Cuyahoga County, in particular, leads the state in the rate of bindovers and racial disparities in the bindover process. Cuyahoga County transfers more children to adult court than Franklin, Hamilton, Montgomery, and Summit counties combined. This is a direct result of prosecutorial discretion. In Ohio, charges brought against a child are determined by prosecutors, and certain charges can make a child eligible for a bindover. A prosecutor can choose to aggressively charge and use the highest offense possible whether it is the best fit for the alleged crime or not. If the charges trigger a mandatory bindover, children are automatically transferred to the adult system, and juvenile court judges are prevented from conducting an individual assessment of the child and the circumstances of the alleged offense. Hence, the decision to try a child as an adult is most often determined by the prosecutor. The Cuyahoga County Prosecutor’s office routinely brings charges against children that result in bindovers.
Furthermore, the children who are bound over in Cuyahoga County are disproportionately Black. Despite only being 40% of the county’s youth population, Black children make up over 90% of the children transferred to the adult system in Cuyahoga County. These significant racial disparities within the bindover process at the statewide and county level seem to suggest that we view a segment of the population as less deserving of childhood.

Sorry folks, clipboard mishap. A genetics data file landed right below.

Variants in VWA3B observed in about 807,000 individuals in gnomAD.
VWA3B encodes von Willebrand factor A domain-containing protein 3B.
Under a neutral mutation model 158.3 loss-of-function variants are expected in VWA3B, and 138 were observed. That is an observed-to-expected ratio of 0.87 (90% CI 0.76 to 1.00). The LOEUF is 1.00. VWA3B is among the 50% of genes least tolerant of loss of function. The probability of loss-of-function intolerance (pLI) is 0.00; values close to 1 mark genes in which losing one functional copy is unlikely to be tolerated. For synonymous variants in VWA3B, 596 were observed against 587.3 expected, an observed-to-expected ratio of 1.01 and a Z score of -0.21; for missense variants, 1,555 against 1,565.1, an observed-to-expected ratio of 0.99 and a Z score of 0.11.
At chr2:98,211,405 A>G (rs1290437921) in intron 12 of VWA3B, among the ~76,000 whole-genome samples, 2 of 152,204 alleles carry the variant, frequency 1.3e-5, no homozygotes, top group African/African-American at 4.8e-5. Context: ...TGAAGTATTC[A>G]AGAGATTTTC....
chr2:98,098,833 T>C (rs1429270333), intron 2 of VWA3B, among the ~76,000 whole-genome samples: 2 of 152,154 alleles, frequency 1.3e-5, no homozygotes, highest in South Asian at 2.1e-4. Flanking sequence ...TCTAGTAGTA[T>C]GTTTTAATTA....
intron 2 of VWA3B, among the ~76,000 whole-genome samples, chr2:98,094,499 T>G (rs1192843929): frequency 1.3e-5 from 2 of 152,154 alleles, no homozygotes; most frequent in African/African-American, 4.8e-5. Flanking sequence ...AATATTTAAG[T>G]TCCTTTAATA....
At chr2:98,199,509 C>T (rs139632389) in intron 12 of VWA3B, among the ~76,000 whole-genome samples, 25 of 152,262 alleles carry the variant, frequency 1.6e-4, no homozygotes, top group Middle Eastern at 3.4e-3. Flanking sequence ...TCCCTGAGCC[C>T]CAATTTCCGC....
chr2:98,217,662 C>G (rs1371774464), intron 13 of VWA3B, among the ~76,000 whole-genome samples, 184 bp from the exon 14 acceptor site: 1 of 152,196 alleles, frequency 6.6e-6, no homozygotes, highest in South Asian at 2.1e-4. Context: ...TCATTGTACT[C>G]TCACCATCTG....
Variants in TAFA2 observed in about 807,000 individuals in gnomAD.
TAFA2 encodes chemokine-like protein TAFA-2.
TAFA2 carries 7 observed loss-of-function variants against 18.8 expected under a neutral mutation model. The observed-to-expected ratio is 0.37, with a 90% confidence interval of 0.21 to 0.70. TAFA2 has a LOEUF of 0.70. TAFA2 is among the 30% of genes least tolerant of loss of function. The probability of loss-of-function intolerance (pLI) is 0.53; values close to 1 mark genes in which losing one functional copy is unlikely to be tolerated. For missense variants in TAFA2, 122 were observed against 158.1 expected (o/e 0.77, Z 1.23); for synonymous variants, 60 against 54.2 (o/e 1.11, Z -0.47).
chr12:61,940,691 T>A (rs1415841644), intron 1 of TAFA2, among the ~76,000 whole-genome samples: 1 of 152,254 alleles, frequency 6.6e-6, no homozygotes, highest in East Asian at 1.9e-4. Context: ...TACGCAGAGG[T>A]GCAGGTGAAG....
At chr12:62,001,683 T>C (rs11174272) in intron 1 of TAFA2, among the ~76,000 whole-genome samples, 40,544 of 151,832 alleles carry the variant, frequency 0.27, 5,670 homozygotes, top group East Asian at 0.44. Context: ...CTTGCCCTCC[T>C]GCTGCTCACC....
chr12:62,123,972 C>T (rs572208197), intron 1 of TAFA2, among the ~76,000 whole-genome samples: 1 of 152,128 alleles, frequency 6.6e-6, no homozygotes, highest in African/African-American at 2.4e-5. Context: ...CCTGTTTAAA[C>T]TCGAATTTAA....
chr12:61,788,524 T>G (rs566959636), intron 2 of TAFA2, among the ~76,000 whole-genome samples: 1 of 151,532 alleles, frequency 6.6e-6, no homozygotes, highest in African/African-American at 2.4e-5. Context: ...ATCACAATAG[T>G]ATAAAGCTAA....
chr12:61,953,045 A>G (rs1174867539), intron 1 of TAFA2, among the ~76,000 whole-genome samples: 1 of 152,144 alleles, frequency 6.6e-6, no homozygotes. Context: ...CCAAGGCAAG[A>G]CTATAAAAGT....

Moreover, we are declaring that some children are incapable of changing, growing, or evolving. Research shows that by the time a person reaches their mid-20s, they will have aged out of criminal behavior.
Once again, think about your 14-year-old self. That person is probably completely different from the person you are now and you would never trust that version of yourself to make decisions that would impact the rest of your life. Why? Because you have matured and evolved.
Nevertheless, we do not afford this opportunity to grow and evolve to every child. Through the bindover system, we ignore a child’s capacity to change. This is especially reinforced by the mandatory bindover process, which requires that children are automatically transferred based solely on their age and the alleged offense. Other considerations that would provide more context such as mental health, trauma, or the circumstances of a crime are prohibited.